A prosthesis is a custom-made artificial limb which is designed to improve functionality of an upper or lower extremity. Lurie Children's team of specialists focuses on the following types of pediatric prostheses:
There are three kinds of upper extremity prostheses: passive, body-powered and myoelectric.
Passive prostheses are most often designed to improve the cosmetic appearance of a limb deficiency. While they have no active motion, they can improve functionality by creating a surface to stabilize objects. Most often, passive prostheses are prescribed as a first prosthesis for an infant.
Body-powered prostheses use cables and a harness to direct the movement of the prosthesis. The patient will use motion from other parts of their body to mechanically control their prosthetic limb.
Myoelectric prostheses are battery powered and use electrical signals sent from the patient’s muscle movements to operate the prosthesis.
Depending on your child’s amputation and activity level, there is a wide selection of prosthetic components and designs to choose from.
Lower Extremity Prostheses
The first component of the prosthesis is the socket. This is the portion of the prosthesis that encompasses the patient’s residual limb. There are various socket designs available which are customized to ensure comfort and functionality. Suspension is the term used to describe the way that the prosthesis stays on the patient’s body. Suspension of the prosthesis will vary based on your child’s needs and activity level. Examples of lower extremity prosthetic suspension include pin locking, lanyard, and suction. Prosthetic feet are often selected based on your child’s activity level, weight, and size. For a patient requiring a prosthetic knee there are generally two categories available: microprocessor and non-microprocessor. A non-microprocessor kneejoint such as a mechanical or pneumatic joint, uses well-designed componentry to ensure safety and stability while walking and standing. A microprocessor knee joint is a computerized, battery powered knee that uses sophisticated technology to improve the way you walk.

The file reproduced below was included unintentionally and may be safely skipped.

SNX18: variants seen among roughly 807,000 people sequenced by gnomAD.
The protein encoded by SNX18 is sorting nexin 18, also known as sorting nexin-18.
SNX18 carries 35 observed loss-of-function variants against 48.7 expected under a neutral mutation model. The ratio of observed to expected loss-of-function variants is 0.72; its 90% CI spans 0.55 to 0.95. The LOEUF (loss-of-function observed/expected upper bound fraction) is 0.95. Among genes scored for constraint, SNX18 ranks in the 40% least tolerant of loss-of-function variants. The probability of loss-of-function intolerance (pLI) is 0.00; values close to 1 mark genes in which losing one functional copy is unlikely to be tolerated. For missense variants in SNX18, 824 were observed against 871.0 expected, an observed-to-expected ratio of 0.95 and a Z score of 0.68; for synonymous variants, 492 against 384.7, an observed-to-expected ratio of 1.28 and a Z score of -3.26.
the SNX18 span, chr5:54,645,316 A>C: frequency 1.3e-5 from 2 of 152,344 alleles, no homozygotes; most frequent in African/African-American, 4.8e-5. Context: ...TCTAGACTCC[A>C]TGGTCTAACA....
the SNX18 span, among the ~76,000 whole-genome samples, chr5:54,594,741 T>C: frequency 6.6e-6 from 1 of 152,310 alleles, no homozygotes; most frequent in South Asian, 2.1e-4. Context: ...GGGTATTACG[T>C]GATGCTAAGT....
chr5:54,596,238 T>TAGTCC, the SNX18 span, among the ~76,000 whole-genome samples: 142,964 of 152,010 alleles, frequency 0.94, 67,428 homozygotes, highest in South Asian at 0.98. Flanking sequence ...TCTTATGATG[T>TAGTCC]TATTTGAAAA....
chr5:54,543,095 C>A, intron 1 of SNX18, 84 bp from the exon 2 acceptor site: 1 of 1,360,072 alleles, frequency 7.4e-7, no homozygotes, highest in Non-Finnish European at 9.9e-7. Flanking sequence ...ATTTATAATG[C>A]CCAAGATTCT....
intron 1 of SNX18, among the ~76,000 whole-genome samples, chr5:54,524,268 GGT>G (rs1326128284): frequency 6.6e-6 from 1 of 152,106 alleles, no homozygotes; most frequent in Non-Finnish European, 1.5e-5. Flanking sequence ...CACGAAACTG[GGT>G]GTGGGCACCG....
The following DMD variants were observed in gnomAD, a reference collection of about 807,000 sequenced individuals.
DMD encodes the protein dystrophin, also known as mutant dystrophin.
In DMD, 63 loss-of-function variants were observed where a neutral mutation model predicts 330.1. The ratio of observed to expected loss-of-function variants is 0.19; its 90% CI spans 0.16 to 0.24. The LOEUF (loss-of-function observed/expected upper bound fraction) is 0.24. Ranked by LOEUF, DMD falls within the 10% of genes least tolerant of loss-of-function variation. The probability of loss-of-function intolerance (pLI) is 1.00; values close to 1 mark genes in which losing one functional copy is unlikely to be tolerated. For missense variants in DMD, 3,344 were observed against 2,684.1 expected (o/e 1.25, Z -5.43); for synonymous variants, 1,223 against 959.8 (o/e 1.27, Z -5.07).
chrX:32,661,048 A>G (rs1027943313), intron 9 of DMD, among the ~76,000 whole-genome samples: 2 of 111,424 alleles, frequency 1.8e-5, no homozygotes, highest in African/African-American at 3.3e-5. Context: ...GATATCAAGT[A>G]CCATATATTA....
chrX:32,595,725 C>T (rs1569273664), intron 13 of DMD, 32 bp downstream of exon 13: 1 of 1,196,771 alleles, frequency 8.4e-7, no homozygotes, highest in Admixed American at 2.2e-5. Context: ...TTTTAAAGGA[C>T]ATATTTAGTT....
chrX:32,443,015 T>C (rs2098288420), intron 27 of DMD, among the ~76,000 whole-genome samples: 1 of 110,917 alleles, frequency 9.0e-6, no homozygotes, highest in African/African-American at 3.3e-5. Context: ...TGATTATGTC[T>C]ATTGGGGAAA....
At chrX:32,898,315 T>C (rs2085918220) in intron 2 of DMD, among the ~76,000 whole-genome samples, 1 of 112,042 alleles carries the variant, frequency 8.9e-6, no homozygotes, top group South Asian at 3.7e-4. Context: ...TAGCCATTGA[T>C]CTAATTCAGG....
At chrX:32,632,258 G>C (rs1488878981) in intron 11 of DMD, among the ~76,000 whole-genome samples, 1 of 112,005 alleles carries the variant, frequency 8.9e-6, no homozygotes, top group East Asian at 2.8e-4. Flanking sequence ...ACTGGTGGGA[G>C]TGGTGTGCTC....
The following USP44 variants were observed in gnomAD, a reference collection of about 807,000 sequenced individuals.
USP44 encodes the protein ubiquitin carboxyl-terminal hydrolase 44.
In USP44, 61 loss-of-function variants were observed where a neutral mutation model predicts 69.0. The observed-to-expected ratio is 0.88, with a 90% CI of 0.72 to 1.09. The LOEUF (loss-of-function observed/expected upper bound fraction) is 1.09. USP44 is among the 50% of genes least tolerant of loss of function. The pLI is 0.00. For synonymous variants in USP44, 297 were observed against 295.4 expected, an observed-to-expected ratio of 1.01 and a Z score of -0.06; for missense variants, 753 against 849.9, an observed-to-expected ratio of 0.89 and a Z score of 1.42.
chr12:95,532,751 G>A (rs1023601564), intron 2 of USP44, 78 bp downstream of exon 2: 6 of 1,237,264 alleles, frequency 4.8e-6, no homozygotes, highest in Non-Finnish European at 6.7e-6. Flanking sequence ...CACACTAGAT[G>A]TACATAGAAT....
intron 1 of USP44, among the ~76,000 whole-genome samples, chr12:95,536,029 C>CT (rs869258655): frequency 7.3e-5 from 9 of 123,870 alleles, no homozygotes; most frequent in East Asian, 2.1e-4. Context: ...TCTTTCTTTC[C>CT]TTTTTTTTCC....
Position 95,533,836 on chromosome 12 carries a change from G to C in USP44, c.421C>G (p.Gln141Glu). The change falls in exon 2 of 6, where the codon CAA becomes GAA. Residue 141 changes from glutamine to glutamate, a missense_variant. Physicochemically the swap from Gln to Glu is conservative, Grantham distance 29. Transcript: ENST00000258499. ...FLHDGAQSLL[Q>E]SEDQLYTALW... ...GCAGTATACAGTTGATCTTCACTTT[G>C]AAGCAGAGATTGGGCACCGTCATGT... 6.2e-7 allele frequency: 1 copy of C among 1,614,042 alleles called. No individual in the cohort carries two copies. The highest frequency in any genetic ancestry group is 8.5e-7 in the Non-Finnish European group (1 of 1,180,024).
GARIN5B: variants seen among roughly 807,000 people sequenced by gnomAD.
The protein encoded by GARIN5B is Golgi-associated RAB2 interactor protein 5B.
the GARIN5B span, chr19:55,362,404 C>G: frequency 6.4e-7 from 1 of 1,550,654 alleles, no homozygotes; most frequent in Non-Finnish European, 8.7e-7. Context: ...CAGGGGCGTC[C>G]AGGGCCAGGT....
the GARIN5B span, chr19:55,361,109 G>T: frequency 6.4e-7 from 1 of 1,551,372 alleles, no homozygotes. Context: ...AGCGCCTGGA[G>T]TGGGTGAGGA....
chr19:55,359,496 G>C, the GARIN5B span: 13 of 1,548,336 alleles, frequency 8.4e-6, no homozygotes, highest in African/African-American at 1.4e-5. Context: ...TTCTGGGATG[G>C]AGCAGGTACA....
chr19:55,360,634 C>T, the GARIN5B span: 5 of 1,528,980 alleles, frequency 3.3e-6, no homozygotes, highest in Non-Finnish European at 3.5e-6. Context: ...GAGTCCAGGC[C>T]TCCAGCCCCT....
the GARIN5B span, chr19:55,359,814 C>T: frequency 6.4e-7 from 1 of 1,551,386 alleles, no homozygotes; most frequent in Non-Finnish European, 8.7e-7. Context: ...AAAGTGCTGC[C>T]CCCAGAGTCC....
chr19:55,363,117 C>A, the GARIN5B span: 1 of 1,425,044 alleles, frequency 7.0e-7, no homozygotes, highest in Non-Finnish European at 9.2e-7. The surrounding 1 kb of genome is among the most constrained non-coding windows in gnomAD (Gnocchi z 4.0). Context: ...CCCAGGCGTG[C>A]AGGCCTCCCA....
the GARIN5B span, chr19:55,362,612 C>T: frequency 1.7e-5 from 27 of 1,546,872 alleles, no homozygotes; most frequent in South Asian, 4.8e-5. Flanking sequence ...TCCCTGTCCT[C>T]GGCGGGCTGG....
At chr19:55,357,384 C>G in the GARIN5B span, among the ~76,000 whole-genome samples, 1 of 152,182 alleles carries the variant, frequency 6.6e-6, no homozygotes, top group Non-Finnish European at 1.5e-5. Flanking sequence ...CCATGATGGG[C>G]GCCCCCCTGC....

Choosing a Design
Prosthetic design choice is determined by several factors including age, personal goals, activity level, and lifestyle choices. Cosmetic appearance of the prosthesis is another important design consideration. We can personalize any prosthesis to increase confidence while wearing the device. Our prosthetists will discuss options with you and your child at length to decide which prosthesis is most appropriate.
Make an Appointment
After receiving a referral from a physician, you can make an appointment to have your child evaluated by calling our office at 312.227.6210 to schedule an appointment.